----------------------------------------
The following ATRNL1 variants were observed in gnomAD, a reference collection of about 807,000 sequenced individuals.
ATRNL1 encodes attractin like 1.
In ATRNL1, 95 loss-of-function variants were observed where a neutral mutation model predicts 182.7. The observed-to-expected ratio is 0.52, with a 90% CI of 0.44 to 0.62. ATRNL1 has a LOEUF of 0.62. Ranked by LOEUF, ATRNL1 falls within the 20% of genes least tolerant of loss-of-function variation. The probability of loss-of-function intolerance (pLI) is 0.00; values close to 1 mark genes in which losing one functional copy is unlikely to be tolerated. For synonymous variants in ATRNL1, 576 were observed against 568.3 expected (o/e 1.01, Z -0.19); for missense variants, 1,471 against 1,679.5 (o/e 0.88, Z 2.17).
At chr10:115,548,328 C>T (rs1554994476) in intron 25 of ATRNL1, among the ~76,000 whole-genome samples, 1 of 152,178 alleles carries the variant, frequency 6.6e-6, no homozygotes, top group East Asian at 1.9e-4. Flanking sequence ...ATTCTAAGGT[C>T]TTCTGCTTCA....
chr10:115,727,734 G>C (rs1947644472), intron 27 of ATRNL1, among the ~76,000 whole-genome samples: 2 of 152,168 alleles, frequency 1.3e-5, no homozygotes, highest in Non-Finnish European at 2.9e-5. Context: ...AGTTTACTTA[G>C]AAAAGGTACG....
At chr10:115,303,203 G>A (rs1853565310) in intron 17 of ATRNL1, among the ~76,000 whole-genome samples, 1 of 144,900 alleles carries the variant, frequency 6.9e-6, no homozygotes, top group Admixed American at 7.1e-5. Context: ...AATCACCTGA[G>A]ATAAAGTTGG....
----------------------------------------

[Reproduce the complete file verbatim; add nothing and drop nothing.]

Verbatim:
The following ATRNL1 variants were observed in gnomAD, a reference collection of about 807,000 sequenced individuals.
ATRNL1 encodes attractin like 1.
In ATRNL1, 95 loss-of-function variants were observed where a neutral mutation model predicts 182.7. The observed-to-expected ratio is 0.52, with a 90% CI of 0.44 to 0.62. ATRNL1 has a LOEUF of 0.62. Ranked by LOEUF, ATRNL1 falls within the 20% of genes least tolerant of loss-of-function variation. The probability of loss-of-function intolerance (pLI) is 0.00; values close to 1 mark genes in which losing one functional copy is unlikely to be tolerated. For synonymous variants in ATRNL1, 576 were observed against 568.3 expected (o/e 1.01, Z -0.19); for missense variants, 1,471 against 1,679.5 (o/e 0.88, Z 2.17).
At chr10:115,548,328 C>T (rs1554994476) in intron 25 of ATRNL1, among the ~76,000 whole-genome samples, 1 of 152,178 alleles carries the variant, frequency 6.6e-6, no homozygotes, top group East Asian at 1.9e-4. Flanking sequence ...ATTCTAAGGT[C>T]TTCTGCTTCA....
chr10:115,727,734 G>C (rs1947644472), intron 27 of ATRNL1, among the ~76,000 whole-genome samples: 2 of 152,168 alleles, frequency 1.3e-5, no homozygotes, highest in Non-Finnish European at 2.9e-5. Context: ...AGTTTACTTA[G>C]AAAAGGTACG....
At chr10:115,303,203 G>A (rs1853565310) in intron 17 of ATRNL1, among the ~76,000 whole-genome samples, 1 of 144,900 alleles carries the variant, frequency 6.9e-6, no homozygotes, top group Admixed American at 7.1e-5. Context: ...AATCACCTGA[G>A]ATAAAGTTGG....